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The Thunder Buggy Proves You Don’t Need Horse Power When You Have a Jet Engine
“Ride it until the wheels fall off” takes on a very literal meaning when you do more than 60 mph (96.5 kph) in a jet-powered Amish buggy still riding on wooden wheels and chassis.

The Thunder Buggy Proves You Don’t Need Horse Power When You Have a Jet Engine

The Thunder Buggy is an all-original Amish buggy powered by a jet engineThe Thunder Buggy is an all-original Amish buggy powered by a jet engineThe Thunder Buggy is an all-original Amish buggy powered by a jet engineThe Thunder Buggy is an all-original Amish buggy powered by a jet engineThe Thunder Buggy is an all-original Amish buggy powered by a jet engineThe Thunder Buggy is an all-original Amish buggy powered by a jet engineThe Thunder Buggy is an all-original Amish buggy powered by a jet engineThe Thunder Buggy is an all-original Amish buggy powered by a jet engineThe Thunder Buggy is an all-original Amish buggy powered by a jet engine
The very idea of an Amish buggy, the kind of vehicle that is usually pulled by one or two horses, strapped with a jet engine in the back shouldn’t exist. Yet, it does: it’s called the Thunder Buggy and it’s perhaps the coolest and most daredevil custom car vehicle ever built. It’s also quite possibly a death trap, but as its very creators are wont to say, at least it puts a smile on people’s faces.

The idea for Thunder Buggy came to creators Chad Clark and Mike Monter from Millersburg, Ohio, in 2017. To be fair, they didn’t think right off the bat about making this kind of custom buggy: they only wanted to build something that hadn’t been done before. They thought they could do a “turbine-powered four-wheel drive pulling truck,” as Chad explains in the video at the bottom of the page.

That night, Chad went home and started to look for an engine online. He thought he’d found it, so he ordered it, but when it arrived days later, he found out that the description for it was wrong: it wasn’t a turbo shaft engine, but a turbojet engine. This meant they had to ditch the idea for a truck and look instead for something lighter. They eventually settled on an Amish buggy since Holmes County is home to the biggest Amish community in the world. 

“It’s like oil and water, they should not go together,” Chad says, laughing. He’s not wrong, either.

In order for the buggy to support the weight of the engine and the wiring and everything else, the pair built an enforced sub-frame for the buggy and added airbag suspension. Other than these two mods, they didn’t do anything else to the “chassis,” other than to restore it with an eye to keeping it as close to original as possible.

For all intents and purposes, this is still a wooden carriage, so it’s as reliable, fast and solid as one. Which brings us to the same idea that maybe putting a jet engine on it is not the smartest thing around.

Inside, there are plenty of aircraft and automotive gauges, and a lever that shuts off the engine in case something bad happens. Completing the project took over 11 months and 800 man-hours and, according to a Bargain Hunter 2019 piece, a lot of head-scratching as the duo had to improvise as the build progressed.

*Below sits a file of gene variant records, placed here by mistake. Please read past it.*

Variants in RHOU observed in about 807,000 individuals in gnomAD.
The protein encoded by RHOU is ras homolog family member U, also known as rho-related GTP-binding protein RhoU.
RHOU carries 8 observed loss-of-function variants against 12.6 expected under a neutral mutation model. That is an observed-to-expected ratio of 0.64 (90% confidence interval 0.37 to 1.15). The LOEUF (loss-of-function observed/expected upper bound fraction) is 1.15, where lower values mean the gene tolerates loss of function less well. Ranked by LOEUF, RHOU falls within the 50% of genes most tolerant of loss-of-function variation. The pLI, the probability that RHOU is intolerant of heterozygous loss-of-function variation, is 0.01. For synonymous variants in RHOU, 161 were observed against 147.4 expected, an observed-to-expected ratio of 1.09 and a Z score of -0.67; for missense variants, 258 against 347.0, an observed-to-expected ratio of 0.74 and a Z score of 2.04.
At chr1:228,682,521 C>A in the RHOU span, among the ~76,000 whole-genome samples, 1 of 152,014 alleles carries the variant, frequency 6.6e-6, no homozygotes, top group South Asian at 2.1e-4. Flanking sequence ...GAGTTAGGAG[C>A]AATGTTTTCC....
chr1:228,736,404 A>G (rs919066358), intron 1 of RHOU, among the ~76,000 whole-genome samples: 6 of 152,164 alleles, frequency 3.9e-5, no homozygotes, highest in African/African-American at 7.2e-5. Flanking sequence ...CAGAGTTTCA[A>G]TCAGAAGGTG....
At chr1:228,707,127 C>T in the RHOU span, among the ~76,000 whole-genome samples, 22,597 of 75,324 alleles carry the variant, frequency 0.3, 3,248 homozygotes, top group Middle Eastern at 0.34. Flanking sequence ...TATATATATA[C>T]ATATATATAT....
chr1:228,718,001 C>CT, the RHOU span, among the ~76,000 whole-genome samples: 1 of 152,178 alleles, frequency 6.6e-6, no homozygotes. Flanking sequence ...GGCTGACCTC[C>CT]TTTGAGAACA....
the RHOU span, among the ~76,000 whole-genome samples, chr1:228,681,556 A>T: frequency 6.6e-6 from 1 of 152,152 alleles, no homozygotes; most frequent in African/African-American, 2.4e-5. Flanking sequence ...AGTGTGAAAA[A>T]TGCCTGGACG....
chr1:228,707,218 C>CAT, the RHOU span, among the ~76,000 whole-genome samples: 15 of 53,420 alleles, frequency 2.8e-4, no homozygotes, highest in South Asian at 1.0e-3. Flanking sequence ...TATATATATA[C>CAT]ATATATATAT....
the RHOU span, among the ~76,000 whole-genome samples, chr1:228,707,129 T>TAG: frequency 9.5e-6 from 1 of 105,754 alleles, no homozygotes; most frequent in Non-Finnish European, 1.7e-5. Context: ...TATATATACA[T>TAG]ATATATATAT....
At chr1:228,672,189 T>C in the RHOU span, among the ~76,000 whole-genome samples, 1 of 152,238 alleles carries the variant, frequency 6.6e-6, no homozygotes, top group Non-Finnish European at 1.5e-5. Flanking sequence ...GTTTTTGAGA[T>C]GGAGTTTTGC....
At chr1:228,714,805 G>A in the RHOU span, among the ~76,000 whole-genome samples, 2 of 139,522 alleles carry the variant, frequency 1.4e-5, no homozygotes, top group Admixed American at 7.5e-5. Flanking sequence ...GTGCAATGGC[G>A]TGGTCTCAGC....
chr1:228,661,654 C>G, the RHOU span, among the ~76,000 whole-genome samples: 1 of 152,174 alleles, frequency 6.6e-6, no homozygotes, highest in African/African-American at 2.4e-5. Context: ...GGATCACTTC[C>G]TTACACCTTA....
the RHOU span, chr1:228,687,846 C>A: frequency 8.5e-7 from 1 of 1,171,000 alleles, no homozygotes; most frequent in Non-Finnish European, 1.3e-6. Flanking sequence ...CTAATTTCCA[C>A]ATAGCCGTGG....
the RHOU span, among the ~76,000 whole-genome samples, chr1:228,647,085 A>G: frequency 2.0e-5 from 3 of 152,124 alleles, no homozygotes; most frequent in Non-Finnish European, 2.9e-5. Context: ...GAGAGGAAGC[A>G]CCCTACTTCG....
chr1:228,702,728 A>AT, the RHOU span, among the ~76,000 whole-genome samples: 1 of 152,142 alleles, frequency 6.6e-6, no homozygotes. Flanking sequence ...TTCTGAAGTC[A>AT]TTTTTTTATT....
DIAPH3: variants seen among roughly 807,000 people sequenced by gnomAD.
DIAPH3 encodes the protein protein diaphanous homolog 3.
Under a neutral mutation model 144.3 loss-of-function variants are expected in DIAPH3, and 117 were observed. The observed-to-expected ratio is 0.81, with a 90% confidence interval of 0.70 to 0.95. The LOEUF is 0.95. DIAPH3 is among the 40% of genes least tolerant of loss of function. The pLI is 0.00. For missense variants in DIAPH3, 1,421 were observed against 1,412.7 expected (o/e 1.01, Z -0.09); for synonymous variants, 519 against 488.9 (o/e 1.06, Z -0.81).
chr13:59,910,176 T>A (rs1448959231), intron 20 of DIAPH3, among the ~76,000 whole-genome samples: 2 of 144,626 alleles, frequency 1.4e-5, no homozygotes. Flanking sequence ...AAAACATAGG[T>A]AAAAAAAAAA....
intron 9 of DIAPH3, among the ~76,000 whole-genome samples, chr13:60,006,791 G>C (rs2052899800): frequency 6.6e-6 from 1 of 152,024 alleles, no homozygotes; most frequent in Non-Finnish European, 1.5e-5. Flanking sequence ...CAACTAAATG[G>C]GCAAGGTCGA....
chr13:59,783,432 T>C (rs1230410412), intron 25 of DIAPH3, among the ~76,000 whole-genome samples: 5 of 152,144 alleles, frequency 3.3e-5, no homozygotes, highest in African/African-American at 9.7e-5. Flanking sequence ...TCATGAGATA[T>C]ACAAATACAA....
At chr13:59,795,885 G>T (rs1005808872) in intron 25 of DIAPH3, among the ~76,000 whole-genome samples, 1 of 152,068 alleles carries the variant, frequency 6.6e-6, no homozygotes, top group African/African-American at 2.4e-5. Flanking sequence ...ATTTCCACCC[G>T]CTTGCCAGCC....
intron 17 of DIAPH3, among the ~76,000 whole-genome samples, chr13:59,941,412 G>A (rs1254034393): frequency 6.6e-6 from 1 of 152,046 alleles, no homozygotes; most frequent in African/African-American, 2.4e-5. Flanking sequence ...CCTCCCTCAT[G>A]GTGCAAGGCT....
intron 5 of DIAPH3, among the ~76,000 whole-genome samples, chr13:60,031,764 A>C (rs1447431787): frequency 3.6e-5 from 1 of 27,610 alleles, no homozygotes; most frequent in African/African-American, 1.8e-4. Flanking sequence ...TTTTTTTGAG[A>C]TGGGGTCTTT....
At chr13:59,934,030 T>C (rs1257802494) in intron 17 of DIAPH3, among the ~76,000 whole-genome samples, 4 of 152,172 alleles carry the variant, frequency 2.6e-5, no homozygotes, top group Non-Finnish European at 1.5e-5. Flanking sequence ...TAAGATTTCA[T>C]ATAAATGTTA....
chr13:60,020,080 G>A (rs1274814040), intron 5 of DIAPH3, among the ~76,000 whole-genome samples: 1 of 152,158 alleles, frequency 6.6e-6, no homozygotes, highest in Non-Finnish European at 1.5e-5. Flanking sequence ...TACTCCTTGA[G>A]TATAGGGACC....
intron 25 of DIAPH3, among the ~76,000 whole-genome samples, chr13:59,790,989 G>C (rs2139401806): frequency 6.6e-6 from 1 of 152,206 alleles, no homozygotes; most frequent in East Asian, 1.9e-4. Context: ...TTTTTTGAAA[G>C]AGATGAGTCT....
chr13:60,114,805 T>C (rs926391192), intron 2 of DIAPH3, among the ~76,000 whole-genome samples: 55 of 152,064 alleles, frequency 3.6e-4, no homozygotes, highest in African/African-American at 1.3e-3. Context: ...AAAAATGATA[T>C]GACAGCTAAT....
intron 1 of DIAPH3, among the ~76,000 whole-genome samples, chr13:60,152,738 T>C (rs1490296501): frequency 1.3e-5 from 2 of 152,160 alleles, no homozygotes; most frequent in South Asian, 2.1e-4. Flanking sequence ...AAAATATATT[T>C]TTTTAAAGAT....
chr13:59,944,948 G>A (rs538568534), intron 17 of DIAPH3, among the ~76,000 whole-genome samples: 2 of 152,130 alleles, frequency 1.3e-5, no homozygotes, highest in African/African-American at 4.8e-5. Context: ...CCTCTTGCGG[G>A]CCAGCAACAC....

After this much work and some $35,000 in total, the Thunder Buggy was complete and ready to hit the road, with appearances at various car and air shows around Ohio. Chad is the de facto owner and he says he didn’t even think of investing in advertising for the buggy because, well, it does a pretty good job at advertising itself. Word about a jet-powered Amish buggy travels fast and people are curious to see it with their own eyes, so business has been good and steady.

As for the name, it’s a perfect fit. The Thunder Buggy sounds “exactly like a jet passing by,” making a sound of about 125 decibels without the afterburner. This would be equivalent of a very loud rock concert or an airplane taking off, and experts say anything that goes beyond 125 nears painful territory. With the afterburner, this buggy gets even louder, at about 180 decibels – a sound comparable to that of a rocket being launched in space.

It’s just the sound that can draw this kind of comparison: this buggy was never built for speed. With the jet engine blasting, the Thunder Buggy reaches speeds of 60 mph (96.5 kph) and could probably go faster if Chad, who is also the driver, held no appreciation for his life.

At this speed, the wooden wheels start to shake, so pushing it faster would probably result in tragedy. Because the pair wanted to maintain the original look, they never installed a roll cage or any other safety features other than a seatbelt, so this is still a wooden carriage traveling at speeds higher than it should. A seatbelt can do only this much when the very thing you’re riding in shatters into a gazillion pieces.

“The worst thing that can happen is that I have a fuel leak and the engine runs away, or a wheel explodes going down the track – that would be a bad day,” Chad says of a worst-case scenario situation. “Bad day” feels like a major understatement.

The fact that this is a speeding, wooden deathtrap aside, the Thunder Buggy is an impressive piece of engineering and custom work. As of the time of writing, it is available for rent and still booked to make appearances at car events and local fairs.



Editor's note: This article was not sponsored or supported by a third-party.

 
 
 
 
 

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